4 - Strong network effects
Network effect are the holy grail for a marketplace. It is the point where you are so big that existing users will drive new users to your platform. It’s not enough to be a marketplace with great volume, you need one with high velocity as well in order to create those critical mass numbers.
5 - Low dependency on 1 party
The biggest trap for most marketplaces is over-reliance on one party. While the suppliers of the supply side and demand side are equally important, it’s ultimately worth noticing that you can always substitute your buyers (e.g via Amazon) and you will struggle to do so with sellers.
6 - Avoid commoditization
One thing that marketplaces should be careful of is avoiding commoditization or letting their supply/demand side get too close to each other’s price, thus impacting the marketplace dynamics and reducing overall value created. If we take Beepi as an example, it went through a few pivots and eventually started competing with manufacturers…as an auction house.
An example of living dangerously would be if Snappcar did not distinguish itself from Uber and Lyft by providing owners a new revenue stream while getting extra business for the drivers. In turn, this has made their supply/demand sides too close to each other’s price, resulting in a more frictionless ride-sharing service (i.e uber) and less demand for a car rental marketplace (as there were other sources of cars), causing them to shrink their business model and eventually shut down.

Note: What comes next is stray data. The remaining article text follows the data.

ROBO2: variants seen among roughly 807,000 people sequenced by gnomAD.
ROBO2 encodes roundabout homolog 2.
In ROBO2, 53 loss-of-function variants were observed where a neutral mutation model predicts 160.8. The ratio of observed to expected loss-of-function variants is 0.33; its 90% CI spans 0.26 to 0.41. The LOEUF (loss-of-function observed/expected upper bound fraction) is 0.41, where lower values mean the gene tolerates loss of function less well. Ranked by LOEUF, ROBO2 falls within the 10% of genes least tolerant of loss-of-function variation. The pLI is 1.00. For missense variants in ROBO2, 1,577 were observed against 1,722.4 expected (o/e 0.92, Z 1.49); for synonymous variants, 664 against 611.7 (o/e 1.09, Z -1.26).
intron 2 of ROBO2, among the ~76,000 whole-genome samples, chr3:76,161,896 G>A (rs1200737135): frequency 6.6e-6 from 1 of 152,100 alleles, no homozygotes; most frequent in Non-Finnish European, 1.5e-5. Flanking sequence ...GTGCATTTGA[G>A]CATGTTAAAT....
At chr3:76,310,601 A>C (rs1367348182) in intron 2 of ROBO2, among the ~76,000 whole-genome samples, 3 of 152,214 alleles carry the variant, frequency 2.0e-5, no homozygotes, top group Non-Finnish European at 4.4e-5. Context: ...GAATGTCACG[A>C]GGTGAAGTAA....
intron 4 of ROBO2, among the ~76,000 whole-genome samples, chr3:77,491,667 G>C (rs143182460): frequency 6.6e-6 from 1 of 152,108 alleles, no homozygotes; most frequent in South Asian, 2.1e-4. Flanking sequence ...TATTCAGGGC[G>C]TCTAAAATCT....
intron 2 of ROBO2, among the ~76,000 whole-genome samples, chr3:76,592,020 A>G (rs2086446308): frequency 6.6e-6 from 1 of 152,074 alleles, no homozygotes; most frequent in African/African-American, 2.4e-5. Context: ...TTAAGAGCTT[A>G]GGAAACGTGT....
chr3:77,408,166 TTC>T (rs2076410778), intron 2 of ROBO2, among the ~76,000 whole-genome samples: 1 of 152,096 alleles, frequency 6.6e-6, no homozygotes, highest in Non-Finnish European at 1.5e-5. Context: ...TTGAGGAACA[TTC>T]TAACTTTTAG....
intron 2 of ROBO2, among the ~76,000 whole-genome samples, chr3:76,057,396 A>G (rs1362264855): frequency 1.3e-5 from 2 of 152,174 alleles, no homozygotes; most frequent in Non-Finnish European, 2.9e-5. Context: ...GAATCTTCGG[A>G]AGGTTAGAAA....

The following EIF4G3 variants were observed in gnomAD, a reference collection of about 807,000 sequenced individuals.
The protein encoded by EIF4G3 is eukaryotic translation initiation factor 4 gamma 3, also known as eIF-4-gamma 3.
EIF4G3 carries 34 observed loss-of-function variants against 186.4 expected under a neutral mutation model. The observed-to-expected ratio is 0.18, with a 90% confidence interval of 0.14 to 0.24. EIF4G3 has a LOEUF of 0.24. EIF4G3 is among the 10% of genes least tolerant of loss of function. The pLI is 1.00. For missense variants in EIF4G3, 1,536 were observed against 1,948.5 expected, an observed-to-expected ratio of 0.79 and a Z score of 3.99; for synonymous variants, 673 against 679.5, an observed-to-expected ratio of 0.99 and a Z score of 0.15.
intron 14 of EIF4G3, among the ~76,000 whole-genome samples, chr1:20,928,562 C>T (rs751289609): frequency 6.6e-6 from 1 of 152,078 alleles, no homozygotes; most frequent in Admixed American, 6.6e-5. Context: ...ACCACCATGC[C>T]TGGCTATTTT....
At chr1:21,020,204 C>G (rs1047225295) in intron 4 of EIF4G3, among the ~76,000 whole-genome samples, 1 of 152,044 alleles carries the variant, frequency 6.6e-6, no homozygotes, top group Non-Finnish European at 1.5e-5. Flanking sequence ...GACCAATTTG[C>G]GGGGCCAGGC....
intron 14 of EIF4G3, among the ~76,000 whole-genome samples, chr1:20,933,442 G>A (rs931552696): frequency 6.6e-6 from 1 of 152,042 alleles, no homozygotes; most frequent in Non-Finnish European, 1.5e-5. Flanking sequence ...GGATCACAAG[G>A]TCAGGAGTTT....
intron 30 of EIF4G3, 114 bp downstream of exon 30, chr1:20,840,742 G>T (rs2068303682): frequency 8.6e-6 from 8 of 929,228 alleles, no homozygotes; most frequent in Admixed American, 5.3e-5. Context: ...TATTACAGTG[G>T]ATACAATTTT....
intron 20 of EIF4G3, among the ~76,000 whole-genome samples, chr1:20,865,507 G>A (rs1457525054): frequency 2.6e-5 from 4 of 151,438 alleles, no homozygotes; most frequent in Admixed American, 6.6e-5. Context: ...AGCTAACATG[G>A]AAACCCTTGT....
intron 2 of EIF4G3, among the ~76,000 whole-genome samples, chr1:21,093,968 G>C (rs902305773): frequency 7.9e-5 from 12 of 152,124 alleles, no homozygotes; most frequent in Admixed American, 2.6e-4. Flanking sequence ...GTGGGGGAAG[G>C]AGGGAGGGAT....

7 - Social component
A vital element for any marketplace is the existence of a social component. This can be done in many ways, with users being able to rate and write reviews, their identity being verified or by incorporating a network of connections based on personal recommendations. Having this kind of "social proof" transpire within a marketplace endows it with a "must conquer" force as consumers really want to be part of an existing community: they are looking for the social element.
Beepi transformed from an auction house to a marketplace by leveraging on their users network and having them share instant pricing information via personal connection and allowing people with no previous knowledge in the business to foster trustworthy relationships with dealers. People want to be part of a community and this element plays a crucial role in increasing trust with the platform, which is one of the main ingredients for its success.
8 - Avoid any middleman fees
One thing that might get you into trouble if not handled right is the level of involvement between both sides within your marketplace. It’s great to have low dependency on a single party, but avoid having too much involvement as it might end up with the platform itself being another source of friction. The main goal is to stay in between and don’t get involved unless absolutely necessary (e.g payment/transactions).
Bas Rieter from Dutch Founders 👋